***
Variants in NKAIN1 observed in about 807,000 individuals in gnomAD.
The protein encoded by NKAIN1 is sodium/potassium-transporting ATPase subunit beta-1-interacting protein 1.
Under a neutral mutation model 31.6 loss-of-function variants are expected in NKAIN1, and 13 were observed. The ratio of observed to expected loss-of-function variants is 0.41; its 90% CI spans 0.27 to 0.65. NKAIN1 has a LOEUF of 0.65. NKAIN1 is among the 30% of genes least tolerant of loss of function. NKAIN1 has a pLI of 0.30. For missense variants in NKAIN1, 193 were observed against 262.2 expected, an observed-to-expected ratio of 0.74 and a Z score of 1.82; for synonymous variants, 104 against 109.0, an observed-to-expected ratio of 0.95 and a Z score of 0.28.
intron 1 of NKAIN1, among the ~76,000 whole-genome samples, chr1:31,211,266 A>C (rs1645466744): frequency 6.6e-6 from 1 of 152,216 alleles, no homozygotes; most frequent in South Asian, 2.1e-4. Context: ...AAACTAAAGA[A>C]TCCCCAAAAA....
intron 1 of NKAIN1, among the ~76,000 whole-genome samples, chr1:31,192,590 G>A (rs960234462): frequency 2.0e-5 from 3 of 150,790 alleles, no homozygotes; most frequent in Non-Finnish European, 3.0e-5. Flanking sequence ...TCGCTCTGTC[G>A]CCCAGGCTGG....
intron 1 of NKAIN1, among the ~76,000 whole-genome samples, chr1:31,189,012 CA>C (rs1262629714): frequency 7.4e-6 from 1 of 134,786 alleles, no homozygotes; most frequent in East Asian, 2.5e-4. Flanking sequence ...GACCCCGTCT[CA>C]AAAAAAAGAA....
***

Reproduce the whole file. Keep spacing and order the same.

Variants in NKAIN1 observed in about 807,000 individuals in gnomAD.
The protein encoded by NKAIN1 is sodium/potassium-transporting ATPase subunit beta-1-interacting protein 1.
Under a neutral mutation model 31.6 loss-of-function variants are expected in NKAIN1, and 13 were observed. The ratio of observed to expected loss-of-function variants is 0.41; its 90% CI spans 0.27 to 0.65. NKAIN1 has a LOEUF of 0.65. NKAIN1 is among the 30% of genes least tolerant of loss of function. NKAIN1 has a pLI of 0.30. For missense variants in NKAIN1, 193 were observed against 262.2 expected, an observed-to-expected ratio of 0.74 and a Z score of 1.82; for synonymous variants, 104 against 109.0, an observed-to-expected ratio of 0.95 and a Z score of 0.28.
intron 1 of NKAIN1, among the ~76,000 whole-genome samples, chr1:31,211,266 A>C (rs1645466744): frequency 6.6e-6 from 1 of 152,216 alleles, no homozygotes; most frequent in South Asian, 2.1e-4. Context: ...AAACTAAAGA[A>C]TCCCCAAAAA....
intron 1 of NKAIN1, among the ~76,000 whole-genome samples, chr1:31,192,590 G>A (rs960234462): frequency 2.0e-5 from 3 of 150,790 alleles, no homozygotes; most frequent in Non-Finnish European, 3.0e-5. Flanking sequence ...TCGCTCTGTC[G>A]CCCAGGCTGG....
intron 1 of NKAIN1, among the ~76,000 whole-genome samples, chr1:31,189,012 CA>C (rs1262629714): frequency 7.4e-6 from 1 of 134,786 alleles, no homozygotes; most frequent in East Asian, 2.5e-4. Flanking sequence ...GACCCCGTCT[CA>C]AAAAAAAGAA....